sw -at- stewartwolpin.com
I noticed your photo of the Automatic App which promises to reveal automobile fault codes. I am curious on what type of database they are using. Would you know ?
Sorry, no, but I’ll ask. Check back next week. I’ll post it if I find out.
Stewart…I are a fan! Wondering if you would you be interested in information regarding a new (actually revitalized) shopping app, FatWallet’s Black Friday Deal Finder. There are several that let interested holiday shoppers plan their event, but we’ve implemented actual shopping, 2-click shopping that let’s the consumer avoid retail carts, and in turn, allowing them to make holiday purchases anywhere, anytime (they could buy pre-sale items if the “to be” sale price isn’t that big of a deal).
Any way, you’ve been an inspiration over the years to get into tech/gadgets more from my perspective as a promoter of online shopping, allowing me the confidence to make predictions and recap the past pricing (http://www.fatwallet.com/blog/series-master-list-black-friday-recap-and-2013-predictions/). I’d love to send along a media kit for our app and get your opinion.
Have a great weekend,
Brent — Sorry for the delay. How do I get a hold of you?
Same old witty, wry, Stewart Wolpin! Saw you on LinkedIn but didn’t know your email address, so couldn’t connect. Hmmmm … assuming you’d want to connect with WPC alumni. Don’t you just love social media? You can run but you can’t hide!!!
So moved by your input RE: T-Mobile’s paying ETF for switching from current provider to T-Mobile. Went through exactly what you have gone through. Thought T-Mobile’s TV Commercial is exactly misleading. We got snared in having to purchase a Samsung Galaxy S5 G900T for $632.00. We were so displeased with T-Mobile’s business tactics and wanted out of T-Mobile ASAP. Almost paid $1000.00 (billed within the first month, for over $500.oo some on top of having to pay the $632.00 for the cell phone. It was certainly alright for T-Mobile to charge you whatever they charge you and you will have to pay up. When it comes to T-Mobile fulfilling their promise to pay ETF they can sit back and take their sweet time and you ended up paying for your own ETF. We were so angry at the misleading offer by T-Mobile. We switched back to Verizon.
Thanks again, just knowing that we were not alone in having to put up with T-Mobile’s business tactics.
In your article Dear T-Mobile CEO John Légere: End the Data Guessing Stupidity. You said: But T-Mobile’s not-so Simple Choice family plans make you pick a bucket of data for each individual family member in the plan, expanding the idiocy of this data usage guessing game.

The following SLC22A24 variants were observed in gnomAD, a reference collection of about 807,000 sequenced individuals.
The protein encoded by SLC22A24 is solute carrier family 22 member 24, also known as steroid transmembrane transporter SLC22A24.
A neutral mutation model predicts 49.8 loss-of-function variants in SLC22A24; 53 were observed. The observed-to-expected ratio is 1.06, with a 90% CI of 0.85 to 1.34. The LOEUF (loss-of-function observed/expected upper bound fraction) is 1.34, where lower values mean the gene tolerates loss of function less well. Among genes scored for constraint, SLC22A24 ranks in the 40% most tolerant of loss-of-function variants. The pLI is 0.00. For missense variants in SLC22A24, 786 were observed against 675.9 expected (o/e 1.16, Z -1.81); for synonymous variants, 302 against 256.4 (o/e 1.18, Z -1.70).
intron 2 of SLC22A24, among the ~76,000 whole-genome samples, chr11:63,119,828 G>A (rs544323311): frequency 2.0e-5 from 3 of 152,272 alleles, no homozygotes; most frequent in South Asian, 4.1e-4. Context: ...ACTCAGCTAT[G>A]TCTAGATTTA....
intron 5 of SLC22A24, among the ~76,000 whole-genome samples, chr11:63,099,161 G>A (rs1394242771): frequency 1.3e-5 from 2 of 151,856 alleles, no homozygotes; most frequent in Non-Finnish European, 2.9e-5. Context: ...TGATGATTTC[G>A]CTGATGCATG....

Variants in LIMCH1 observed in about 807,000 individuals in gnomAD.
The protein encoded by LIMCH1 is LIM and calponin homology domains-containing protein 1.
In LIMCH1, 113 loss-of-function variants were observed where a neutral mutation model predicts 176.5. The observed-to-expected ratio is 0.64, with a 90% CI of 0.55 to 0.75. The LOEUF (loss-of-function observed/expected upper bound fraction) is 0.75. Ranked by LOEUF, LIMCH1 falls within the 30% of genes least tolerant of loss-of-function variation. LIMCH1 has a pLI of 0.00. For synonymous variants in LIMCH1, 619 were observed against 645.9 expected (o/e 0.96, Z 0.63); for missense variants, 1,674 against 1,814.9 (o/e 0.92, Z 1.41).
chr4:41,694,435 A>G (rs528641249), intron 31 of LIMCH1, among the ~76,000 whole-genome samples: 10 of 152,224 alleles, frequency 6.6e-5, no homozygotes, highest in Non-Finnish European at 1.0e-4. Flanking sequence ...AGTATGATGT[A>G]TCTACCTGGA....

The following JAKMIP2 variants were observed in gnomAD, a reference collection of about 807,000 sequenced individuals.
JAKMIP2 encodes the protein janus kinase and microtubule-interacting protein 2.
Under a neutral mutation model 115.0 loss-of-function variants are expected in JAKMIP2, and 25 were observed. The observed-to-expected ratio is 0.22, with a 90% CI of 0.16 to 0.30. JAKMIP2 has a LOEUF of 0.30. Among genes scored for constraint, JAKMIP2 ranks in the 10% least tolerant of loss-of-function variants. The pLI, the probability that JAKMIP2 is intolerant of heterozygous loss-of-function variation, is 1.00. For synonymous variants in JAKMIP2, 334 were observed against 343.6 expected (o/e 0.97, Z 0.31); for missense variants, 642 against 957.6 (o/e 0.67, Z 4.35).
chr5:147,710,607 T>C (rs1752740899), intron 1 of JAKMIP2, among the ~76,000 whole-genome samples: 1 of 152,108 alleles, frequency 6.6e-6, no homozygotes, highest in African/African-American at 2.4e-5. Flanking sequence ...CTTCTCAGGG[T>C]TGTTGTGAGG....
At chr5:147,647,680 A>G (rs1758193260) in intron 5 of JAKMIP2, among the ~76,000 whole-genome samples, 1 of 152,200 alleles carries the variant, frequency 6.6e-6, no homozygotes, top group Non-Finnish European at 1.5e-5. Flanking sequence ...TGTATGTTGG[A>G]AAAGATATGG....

Well tmobile offers a simple unlimited 4g data family plan for all the members of the family.
Ex: 2 lines $140
3 lines $180
4 lines $220
5 lines $240
Each additional line is $40.00 after the first 2 lines… Is not complicated
I wasn’t referring to unlimited plans; unlimited plans aren’t “shared data buckets” since “unlimited” isn’t a bucket and are, of course, simple because they’re unlimited. But most people don’t need to overpay for unlimited plans and so choose these limited shared bucket plans, precipitating the “how much data do I need” question. And T-Mobile’s limited data buckets aren’t so simple compared to shared data bucket plans from the other carriers.
How did your T-Mobile ETF reimbursement on the Visa Prepaid end?
How many wks to receive the card if u did?
Experience in using the card?
Thanks for a prompt response!
I got the Visa card in around a month, but they rushed it for me. I used it like I would a credit card – used it to buy an iPad Mini 2.
I read you item on the audio recording discovery. It was very well done.
I have worked in the Broadcast industry for 50 years now.
I attended Video tape courses at Ampex in redwood City and had the great fortune to meet Mr. Ponatoff in his private lab.
I always thought he was instrumental in the design and building of the rotating head wheel. Your article does not seem to mention him at all.
the Ampex buildings were full of photos showing Bing Crosby and his interest in Ampex. I don’t know if you are aware of this but Ampex tried their hand at Broadcast Transmitters. It was a dismal failure. I have personal knowledge of one Transmitter. It was located in Canada in the Province of Newfoundland and Ampex walked away from it after loosing a fortune in repairs.
Gary — The story wasn’t really about Ampex, which is why I not only didn’t mention Mr. Poniatoff, but I didn’t even mention Charlie Ginsburg, who actually led the VTR development team. But you can read more about Ampex in a longer piece I did on the race to invent the VTR that is linked in the recode story, but here it is anyway: http://stewartwolpin.com/wp/wp-content/uploads/2013/09/Race-To-Video-100.pdf
Re “Tape recording was introduced 70 years ago today” and the passage
“It would take almost another 10 years before Philips reduced audio tape to a cassette and ignited the home audio recording craze, and another nearly 10 years before Sony introduced the Betamax and won a Supreme Court case to allow us to legally record TV shows at home and create the home video business.”
A consortium of Sony, JVC and Matsushita developed the first videocassette, the 3/4″ U-Matic, demonstrated as a prototype in 1969 and available in 1971 for commercial broadcasters. Retaining U-Matic’s basic tape-transport mechanism, engineers scaled down the 3/4″ format to 1/2,” and the Betamax was born, introduced to the Japanese market in 1975.
Yes, that’s what I said, sans the details you offered, which weren’t essential to the story. Compact audio cassette from Philips in 1966, Sony’s Betamax in 1976 in the U.S., a year after its intro in Japan.
No there. I have a problem with time Warner cable wifi. The wifi is fast but for some strange reason every time í connect my lg3 smart phone or my 2009 macbook to my wifi both of my divices get so hot that my phone that they seem to be about to explode. Si you why is that? I used to have at&t and that never happened:/
I was very interested to read your article regarding reasons not to buy a 4K TV. I am planning what my next TV should be although I am currently happy with my 50″ LG Plasma. I would hope to purchase something between 55″ and 60″. Would you suggest what TVs I should consider.